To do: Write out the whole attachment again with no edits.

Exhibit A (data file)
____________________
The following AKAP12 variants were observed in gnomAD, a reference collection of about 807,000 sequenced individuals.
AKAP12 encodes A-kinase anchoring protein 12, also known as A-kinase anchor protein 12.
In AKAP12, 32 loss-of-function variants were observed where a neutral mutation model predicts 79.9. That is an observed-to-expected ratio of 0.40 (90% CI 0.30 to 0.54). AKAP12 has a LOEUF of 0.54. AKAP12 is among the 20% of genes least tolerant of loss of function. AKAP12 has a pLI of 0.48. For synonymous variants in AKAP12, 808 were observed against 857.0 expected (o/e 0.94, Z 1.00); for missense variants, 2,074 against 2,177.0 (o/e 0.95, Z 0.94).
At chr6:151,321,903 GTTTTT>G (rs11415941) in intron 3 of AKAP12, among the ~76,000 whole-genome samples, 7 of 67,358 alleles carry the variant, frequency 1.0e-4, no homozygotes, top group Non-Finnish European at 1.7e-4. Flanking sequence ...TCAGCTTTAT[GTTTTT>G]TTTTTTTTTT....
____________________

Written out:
The following AKAP12 variants were observed in gnomAD, a reference collection of about 807,000 sequenced individuals.
AKAP12 encodes A-kinase anchoring protein 12, also known as A-kinase anchor protein 12.
In AKAP12, 32 loss-of-function variants were observed where a neutral mutation model predicts 79.9. That is an observed-to-expected ratio of 0.40 (90% CI 0.30 to 0.54). AKAP12 has a LOEUF of 0.54. AKAP12 is among the 20% of genes least tolerant of loss of function. AKAP12 has a pLI of 0.48. For synonymous variants in AKAP12, 808 were observed against 857.0 expected (o/e 0.94, Z 1.00); for missense variants, 2,074 against 2,177.0 (o/e 0.95, Z 0.94).
At chr6:151,321,903 GTTTTT>G (rs11415941) in intron 3 of AKAP12, among the ~76,000 whole-genome samples, 7 of 67,358 alleles carry the variant, frequency 1.0e-4, no homozygotes, top group Non-Finnish European at 1.7e-4. Flanking sequence ...TCAGCTTTAT[GTTTTT>G]TTTTTTTTTT....